Online Short-Course in Shale Diagenesis

Course Details

Shale reservoirs are one of the world’s biggest assets and underexplored in many countries around the world. Shales were for the longest time thought of as massive but they aren’t. Unraveling the sedimentology of shale provided one glimpse into their diverse internal architecture, however, their diagenesis is most likely even more crucial. Shale diagenesis changes the behavior of the affected rocks and can be so severe that seemingly similar-looking shales behave completely differently when undergoing fracking.

This course will give an introduction to recognizing diagenetic changes in shales. It will run through the most important aspects that can be recognized on a macroscopic, microscopic, and sub-microscopic (SEM) level. With the knowledge acquired in this course, the participants can start working on evaluating diagenetic changes in shales. The course will constantly adapt and integrate current developments of shale diagenesis research.

The entire course will be taught online for now but a classroom version is planned for the future once the pandemic subsides.


Who Should Attend

• Geologists
• Geophysicists 
• Petrophysicists
• Engineers

and all who wish to develop a better understanding of the factors that control reservoir quality in mudrock (shale) reservoirs.

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    Course Outline

    Three-hour introductory module


    • Importance of this course
    • What is diagenesis? Definition and aspects in shales
    • What are we focusing on in this course, and what possibilities would shale diagenesis offer?
    • Applications; Petroleum aspects but also aspects of other resources (e.g. water)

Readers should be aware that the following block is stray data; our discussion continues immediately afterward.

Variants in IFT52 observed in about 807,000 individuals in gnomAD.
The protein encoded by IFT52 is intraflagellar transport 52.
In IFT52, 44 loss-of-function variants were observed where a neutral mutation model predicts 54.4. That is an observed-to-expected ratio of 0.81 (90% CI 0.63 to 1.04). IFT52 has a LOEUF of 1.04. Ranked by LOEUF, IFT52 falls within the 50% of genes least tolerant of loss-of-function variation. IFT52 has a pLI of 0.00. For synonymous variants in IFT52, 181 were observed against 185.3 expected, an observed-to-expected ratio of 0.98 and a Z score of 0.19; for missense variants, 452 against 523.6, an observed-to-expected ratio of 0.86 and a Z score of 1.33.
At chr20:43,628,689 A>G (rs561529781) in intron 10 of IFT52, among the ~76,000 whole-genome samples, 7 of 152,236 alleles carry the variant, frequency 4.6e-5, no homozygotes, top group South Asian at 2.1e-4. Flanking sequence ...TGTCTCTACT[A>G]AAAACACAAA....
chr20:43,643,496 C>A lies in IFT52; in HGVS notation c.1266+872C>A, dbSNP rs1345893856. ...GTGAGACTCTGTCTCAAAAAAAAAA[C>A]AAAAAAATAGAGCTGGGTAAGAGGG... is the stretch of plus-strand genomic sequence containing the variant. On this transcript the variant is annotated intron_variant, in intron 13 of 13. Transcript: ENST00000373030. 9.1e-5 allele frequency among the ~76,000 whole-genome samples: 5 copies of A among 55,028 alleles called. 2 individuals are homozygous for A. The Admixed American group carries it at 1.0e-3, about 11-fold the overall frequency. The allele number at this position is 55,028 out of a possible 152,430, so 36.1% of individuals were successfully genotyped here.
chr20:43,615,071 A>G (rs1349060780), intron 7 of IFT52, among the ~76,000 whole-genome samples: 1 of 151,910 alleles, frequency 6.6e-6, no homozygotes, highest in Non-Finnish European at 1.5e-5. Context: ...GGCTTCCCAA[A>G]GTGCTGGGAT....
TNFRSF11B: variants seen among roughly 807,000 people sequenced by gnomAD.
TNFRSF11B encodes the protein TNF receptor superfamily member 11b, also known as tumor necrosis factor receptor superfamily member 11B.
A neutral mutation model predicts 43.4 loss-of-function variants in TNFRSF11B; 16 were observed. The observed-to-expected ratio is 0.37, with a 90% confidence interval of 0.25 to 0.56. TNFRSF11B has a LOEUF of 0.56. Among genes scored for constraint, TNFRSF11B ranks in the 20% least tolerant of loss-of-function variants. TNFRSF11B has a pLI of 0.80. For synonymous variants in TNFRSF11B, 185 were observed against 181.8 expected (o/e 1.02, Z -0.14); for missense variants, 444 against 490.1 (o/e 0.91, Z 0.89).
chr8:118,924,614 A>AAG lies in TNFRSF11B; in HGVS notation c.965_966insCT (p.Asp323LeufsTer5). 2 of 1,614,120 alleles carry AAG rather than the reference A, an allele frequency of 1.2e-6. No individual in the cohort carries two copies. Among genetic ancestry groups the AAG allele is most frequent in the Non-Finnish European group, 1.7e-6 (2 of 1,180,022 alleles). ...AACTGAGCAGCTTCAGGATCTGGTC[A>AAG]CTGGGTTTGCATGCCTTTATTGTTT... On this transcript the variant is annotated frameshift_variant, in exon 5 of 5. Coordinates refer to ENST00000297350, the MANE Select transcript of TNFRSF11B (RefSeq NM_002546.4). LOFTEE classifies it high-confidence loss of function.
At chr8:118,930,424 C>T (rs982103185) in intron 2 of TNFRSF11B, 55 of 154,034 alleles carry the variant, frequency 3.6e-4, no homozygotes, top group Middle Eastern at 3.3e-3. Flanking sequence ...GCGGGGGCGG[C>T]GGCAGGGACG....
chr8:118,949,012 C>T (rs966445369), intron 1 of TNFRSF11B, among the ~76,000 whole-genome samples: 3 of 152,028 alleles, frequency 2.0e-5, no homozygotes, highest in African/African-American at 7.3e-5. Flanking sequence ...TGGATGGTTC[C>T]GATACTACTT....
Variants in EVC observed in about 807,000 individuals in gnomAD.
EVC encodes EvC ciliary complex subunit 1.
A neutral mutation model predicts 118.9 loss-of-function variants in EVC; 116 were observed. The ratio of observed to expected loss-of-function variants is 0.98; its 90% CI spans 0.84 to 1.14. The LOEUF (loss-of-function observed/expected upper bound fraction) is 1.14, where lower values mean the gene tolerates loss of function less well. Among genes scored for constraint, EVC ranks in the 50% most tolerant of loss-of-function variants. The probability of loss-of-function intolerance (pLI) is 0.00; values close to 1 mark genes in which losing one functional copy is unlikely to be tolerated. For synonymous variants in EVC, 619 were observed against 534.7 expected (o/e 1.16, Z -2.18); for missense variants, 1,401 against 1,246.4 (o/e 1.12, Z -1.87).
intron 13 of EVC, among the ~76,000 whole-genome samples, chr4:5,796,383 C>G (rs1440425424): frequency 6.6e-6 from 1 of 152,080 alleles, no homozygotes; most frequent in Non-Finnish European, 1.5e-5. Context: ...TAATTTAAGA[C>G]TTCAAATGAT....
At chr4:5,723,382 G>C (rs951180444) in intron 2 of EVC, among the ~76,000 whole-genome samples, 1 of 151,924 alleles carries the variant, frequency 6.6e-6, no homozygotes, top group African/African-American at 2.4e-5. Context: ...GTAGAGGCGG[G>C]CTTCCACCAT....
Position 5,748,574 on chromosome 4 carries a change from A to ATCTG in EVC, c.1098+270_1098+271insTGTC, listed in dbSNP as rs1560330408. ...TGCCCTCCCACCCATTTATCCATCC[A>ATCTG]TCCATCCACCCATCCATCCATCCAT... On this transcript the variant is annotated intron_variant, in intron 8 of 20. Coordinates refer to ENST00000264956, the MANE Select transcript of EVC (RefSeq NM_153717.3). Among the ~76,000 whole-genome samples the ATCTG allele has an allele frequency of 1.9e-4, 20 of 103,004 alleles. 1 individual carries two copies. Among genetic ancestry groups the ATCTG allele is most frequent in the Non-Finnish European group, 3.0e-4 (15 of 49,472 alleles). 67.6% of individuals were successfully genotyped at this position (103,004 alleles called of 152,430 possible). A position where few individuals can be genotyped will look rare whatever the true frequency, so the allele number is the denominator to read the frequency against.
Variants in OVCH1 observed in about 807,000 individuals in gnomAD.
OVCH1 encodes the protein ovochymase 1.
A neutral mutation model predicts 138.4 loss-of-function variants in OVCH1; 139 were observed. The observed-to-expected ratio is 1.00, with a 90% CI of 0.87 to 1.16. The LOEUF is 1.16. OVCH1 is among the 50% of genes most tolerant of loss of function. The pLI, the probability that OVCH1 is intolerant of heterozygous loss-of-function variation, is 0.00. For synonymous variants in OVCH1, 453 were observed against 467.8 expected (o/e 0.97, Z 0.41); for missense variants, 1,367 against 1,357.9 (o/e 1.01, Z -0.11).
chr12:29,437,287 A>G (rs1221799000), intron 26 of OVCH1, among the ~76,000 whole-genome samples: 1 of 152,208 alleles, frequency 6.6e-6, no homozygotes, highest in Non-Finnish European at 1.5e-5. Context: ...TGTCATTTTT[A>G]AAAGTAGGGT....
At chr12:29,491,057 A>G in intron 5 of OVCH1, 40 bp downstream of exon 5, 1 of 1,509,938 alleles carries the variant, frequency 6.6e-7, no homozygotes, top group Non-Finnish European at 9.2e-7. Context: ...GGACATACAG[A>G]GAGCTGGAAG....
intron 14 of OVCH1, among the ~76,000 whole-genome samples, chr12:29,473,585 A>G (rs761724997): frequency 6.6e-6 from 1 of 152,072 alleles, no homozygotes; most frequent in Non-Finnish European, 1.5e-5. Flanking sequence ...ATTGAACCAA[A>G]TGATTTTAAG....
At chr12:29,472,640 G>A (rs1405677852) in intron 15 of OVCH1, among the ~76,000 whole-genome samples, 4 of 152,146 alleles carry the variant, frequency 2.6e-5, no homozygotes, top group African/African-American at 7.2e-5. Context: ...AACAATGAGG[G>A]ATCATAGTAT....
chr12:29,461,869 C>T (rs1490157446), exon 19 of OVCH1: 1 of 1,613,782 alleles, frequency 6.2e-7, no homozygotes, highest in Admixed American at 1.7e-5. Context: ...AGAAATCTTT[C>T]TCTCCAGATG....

• Steps implemented to understand a shale succession’s diagenesis
    • Factors influencing diagenesis
    • Aspects to look for macroscopically, in thin section, in SEM

    Principles of cement phases, how to recognize, and how to distinguish them 

    • Principles of recognition of cements and their relative timing
    • Type of timing – what can we distinguish?
    • What exactly are we looking for, and where are we looking for it?
    • Examples I: these are example cements
    • Examples II: these are examples of how to establish a (relative) succession

    Porosity in shales 

    • Types of porosity
    • Approaches to classification and potential importance
    • Examples III: what do these pores look like?

    Application I – the Tøyen Shale (Ordovician, Scandinavia) (10 slides)

    Application II – the upper Bakken Shale (Mississippian, USA) (10 slides)

    Our location

    Our headquarters are twenty minutes away from downtown Denver and half an hour from the largest core facility in the United States. Or field office in Ouray allows us quick access to world-class outcrops in Utah and New Mexico.